While I can't claim Massacre has ever penned a song or album of due significance, their presence around the dawn of the 90s and the accumulation of ex-Death members into the lineup would pretty much ensure that the band stand the test of time as a cult notion. By that token, its a wonder that it took a decade beyond the unfortunate abortion that was Promise to release some sort of fan package. The band had been understandably cast into the shadows of brutality, but Iron Pegasus brought forward the Tyrants of Death collection just a year before nostalgia would take its course, Kam Lee and his fellows reuniting through the ensuing years for several sparse gigs.
Tyrants of Death does what this sort of compilation is supposed to in presenting the band's formative demo material into a convenient space and format for both old school admirers and inquisitive, younger fans, but it does not do so completely. The Aggressive Tyrant and Chamber of Ages demos (both 1986) are presented in their entirety, but The Second Coming (1990) is absent. Granted, that would get its own re-release in a few years, but it seems rather arbitrary to separate the stuff, even if its from different phases of the band. The remainder of this release is padded out by some live material recorded early in Massacre's career (1986), in their native Tampa, Florida, and an unfinished recording of "Cryptic Realm".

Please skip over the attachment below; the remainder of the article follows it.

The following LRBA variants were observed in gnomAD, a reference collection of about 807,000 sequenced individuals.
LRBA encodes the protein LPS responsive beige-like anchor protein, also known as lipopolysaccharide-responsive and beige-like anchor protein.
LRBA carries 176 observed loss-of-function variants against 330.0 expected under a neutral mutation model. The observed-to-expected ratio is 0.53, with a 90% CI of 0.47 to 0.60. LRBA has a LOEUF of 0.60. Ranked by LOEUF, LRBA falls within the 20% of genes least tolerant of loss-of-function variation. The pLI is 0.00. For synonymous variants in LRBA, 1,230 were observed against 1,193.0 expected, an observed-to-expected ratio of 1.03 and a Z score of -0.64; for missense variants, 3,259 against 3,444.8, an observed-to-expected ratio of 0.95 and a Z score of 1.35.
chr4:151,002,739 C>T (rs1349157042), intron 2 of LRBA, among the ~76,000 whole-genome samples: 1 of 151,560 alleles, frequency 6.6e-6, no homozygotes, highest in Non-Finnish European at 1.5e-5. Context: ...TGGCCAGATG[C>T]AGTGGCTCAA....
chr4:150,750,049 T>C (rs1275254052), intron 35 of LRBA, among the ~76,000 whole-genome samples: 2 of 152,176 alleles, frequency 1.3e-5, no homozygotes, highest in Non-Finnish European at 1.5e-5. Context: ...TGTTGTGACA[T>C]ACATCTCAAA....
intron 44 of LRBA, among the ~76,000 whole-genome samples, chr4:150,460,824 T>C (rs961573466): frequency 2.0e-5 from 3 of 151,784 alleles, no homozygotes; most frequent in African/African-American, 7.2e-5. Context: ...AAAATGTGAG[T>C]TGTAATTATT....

Admittedly, the demo material itself has a crude, crass character to it which I find superior to the full-length album versions of several of these songs. Lee's vocals are ripping and raw, while the bass and drums seem incredibly driven and brutal for the day, and both Allen West and Rick Rozz's guitars (from the separate demos) sound fucking crazy. It gives you that same, primordial appeal as the first time you experienced Slayer or Possessed, which in my opinion is simply all the more memorable and biting next to the tidier From Beyond. Of course, a few of the tracks ("Chamber of Ages", "From Beyond", "Symbolic Immortality", "Cryptic Realm") were once more recorded for that album, but here you get a handful that you've likely never heard, and the Aggressive Tyrant demo cuts feature West's Hellhammer-like tone, primeval and punkish with wild leads cutting through.
On the other hand, the live tunes tend to suffer from a weak mix in which the vocals and guitars dominate the rhythm section, but for 25 years ago one can suffer through it. Prior to the live version of "Aggressive Tyrant", Kam sends a shout out to a 'Dave Vincent' who has come down to see the show. Peculiar. There are also a pair of tracks in this setting not redundant from the demos: "Perpetual Domination" and "The Traitor", the former of which bleats out a steady, Obituary styled groove; and a live version of "Corpse Grinder" (the Death tune) is included. This is pretty much straight for the collectors and fans, and its approved by original members of Massacre like Kam Lee and Michael Borders, born of legitimacy more than an empty cash grab. I won't say that the writing is all that great even on the non-album stuff, but it wasn't unpleasant to experience another forgotten gem in the crown of this long lauded Florida scene.
Verdict: Indifference [6.25/10]